The Mathematical Principles of Natural Philosophy, Volumen2

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Benjamin Motte, 1729

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Página 383 - ... all sensation is excited, and the members of animal bodies move at the command of the will, namely, by the vibrations of this spirit, mutually propagated along the solid filaments of the nerves, from the outward organs of sense to the brain, and from the brain into the muscles.
Página 383 - And now we might add something concerning a certain most subtle Spirit which pervades and lies hid in all gross bodies: by the force and action of which Spirit the particles of bodies mutually attract one another at near distances, and cohere, if contiguous...
Página 197 - In experimental philosophy we are to look upon propositions inferred by general induction from phenomena as accurately or very nearly true, notwithstanding any contrary hypotheses that may be imagined, till such time as other phenomena occur, by which they may either be made more accurate, or liable to exceptions.
Página 66 - B, from B to C, from C to D, from D to E, and from E to A ; and measure the distances AB, BC, CD, DE, and EA.
Página 211 - ... upon all the gold to the action of the same upon all the wood; that is, as the weight of the one to the weight of the other: and the like happened in the other bodies. By these experiments, in bodies of the same weight, I could manifestly have discovered a difference of matter less than the thousandth part of the whole, had any such been.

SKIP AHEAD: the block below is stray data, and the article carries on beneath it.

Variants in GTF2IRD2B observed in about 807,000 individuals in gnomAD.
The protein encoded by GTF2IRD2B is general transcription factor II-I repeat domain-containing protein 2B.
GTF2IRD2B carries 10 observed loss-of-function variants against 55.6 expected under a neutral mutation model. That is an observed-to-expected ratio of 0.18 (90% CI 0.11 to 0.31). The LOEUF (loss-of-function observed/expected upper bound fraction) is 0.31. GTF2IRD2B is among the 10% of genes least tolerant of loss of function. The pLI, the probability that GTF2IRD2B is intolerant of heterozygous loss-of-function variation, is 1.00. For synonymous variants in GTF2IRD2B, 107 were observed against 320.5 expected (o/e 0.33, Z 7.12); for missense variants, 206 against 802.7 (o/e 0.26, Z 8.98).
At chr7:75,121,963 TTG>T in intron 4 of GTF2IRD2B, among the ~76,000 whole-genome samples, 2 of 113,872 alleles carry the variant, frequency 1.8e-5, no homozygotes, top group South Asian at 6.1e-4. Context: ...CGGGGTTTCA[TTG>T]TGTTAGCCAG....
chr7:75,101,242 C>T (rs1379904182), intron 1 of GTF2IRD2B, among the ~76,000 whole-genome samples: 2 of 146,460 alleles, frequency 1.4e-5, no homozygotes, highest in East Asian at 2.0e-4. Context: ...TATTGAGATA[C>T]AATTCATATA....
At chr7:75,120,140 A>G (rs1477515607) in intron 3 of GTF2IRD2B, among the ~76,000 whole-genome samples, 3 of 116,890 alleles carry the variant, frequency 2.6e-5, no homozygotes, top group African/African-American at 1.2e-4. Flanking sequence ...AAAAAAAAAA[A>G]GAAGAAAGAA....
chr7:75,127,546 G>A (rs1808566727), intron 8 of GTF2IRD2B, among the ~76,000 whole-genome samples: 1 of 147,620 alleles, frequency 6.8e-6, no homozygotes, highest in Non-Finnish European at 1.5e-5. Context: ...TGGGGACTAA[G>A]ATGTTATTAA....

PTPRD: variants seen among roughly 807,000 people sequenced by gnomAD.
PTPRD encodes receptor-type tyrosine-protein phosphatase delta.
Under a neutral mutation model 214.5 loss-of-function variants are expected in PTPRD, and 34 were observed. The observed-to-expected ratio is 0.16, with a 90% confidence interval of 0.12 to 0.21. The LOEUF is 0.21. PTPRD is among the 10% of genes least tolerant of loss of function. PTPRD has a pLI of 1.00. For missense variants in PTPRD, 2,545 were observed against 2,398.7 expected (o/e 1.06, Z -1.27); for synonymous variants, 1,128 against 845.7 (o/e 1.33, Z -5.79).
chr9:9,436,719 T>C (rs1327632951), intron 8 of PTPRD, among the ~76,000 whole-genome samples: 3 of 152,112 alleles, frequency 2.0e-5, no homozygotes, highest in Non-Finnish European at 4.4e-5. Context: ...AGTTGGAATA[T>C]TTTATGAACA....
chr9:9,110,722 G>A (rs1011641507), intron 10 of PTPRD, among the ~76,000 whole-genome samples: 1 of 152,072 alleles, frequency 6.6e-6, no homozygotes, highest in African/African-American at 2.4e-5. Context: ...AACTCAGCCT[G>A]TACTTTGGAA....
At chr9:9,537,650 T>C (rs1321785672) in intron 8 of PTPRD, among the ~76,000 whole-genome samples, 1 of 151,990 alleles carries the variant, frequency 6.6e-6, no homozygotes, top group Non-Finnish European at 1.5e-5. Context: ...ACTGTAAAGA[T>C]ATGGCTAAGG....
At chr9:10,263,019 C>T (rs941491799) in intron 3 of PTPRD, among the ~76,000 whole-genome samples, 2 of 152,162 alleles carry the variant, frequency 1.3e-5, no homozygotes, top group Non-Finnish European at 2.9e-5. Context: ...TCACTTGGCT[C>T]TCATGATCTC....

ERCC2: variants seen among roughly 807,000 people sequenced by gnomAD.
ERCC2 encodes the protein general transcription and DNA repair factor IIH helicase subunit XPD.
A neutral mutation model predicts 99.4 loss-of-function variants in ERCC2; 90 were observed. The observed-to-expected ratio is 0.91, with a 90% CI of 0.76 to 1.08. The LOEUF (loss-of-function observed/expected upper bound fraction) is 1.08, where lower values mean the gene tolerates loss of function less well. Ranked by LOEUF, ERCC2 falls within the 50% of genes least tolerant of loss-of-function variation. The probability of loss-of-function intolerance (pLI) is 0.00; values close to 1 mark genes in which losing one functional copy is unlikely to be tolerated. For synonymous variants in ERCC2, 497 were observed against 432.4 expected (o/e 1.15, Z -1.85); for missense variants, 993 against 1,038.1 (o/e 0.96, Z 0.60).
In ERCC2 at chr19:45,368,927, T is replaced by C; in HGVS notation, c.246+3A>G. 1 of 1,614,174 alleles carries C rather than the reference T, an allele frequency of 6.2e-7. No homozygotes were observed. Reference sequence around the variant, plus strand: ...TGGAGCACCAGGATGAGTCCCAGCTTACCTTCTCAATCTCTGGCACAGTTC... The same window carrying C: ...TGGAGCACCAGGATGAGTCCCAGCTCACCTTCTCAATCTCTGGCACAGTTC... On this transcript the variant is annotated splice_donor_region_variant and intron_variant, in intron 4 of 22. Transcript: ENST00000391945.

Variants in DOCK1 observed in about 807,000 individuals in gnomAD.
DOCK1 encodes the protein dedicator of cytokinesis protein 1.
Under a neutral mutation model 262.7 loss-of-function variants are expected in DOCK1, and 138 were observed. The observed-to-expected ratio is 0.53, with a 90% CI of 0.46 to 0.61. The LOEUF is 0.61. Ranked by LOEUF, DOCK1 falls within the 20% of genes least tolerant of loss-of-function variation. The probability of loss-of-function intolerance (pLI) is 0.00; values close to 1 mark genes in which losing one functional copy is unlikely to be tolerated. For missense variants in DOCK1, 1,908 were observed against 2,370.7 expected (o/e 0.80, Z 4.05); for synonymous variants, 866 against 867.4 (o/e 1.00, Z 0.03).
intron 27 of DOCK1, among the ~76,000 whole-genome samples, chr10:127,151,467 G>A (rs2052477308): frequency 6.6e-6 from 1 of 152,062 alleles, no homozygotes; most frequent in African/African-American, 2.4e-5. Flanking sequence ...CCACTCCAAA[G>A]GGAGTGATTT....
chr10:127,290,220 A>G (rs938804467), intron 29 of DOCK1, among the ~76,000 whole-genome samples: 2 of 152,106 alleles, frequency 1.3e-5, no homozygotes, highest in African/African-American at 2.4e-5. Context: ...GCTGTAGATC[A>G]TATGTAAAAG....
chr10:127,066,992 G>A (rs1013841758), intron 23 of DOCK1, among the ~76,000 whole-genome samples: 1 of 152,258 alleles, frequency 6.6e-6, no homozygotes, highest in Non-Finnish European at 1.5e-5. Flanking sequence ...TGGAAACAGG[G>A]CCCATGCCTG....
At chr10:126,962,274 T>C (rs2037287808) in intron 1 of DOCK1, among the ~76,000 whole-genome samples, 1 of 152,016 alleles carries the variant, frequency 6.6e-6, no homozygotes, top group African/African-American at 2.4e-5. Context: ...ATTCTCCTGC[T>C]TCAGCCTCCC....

Página 205 - IV. THAT THE MOON GRAVITATES TOWARDS THE EARTH, AND BY THE FORCE OF GRAVITY IS CONTINUALLY DRAWN OFF FROM A RECTILINEAR MOTION, AND RETAINED IN ITS ORBIT.
Página 215 - ... to every action corresponds an equal reaction; therefore the planet B will, on the other hand, gravitate towards all the parts of the planet A; and its gravity towards any one part will be to the gravity towards the whole as the matter of the part to the matter of the whole.
Página 285 - Moon, the inclination of the Moon's orbit, to the plane of the ecliptic, the...
Página 196 - ... matter of observation; and, in the particles that remain undivided, our minds are able to distinguish yet lesser parts, as is mathematically demonstrated. But whether the parts so distinguished, and not yet divided, may, by the powers of Nature, be actually divided and separated from one another, we cannot certainly determine. Yet, had we the proof of but one experiment that any undivided particle, in breaking a hard and solid body, suffered a division, we might by virtue of this rule, conclude...
Página 211 - For, should we imagine our terrestrial bodies removed to the orb of the moon, and there, together with the moon, deprived of all motion, to be let go, so as to fall together towards the earth, it is certain, from what we have demonstrated' before, that, in equal times, they would describe equal spaces with the moon, and of consequence are to the moon, in quantity of matter, as their weights to its weight. Moreover...

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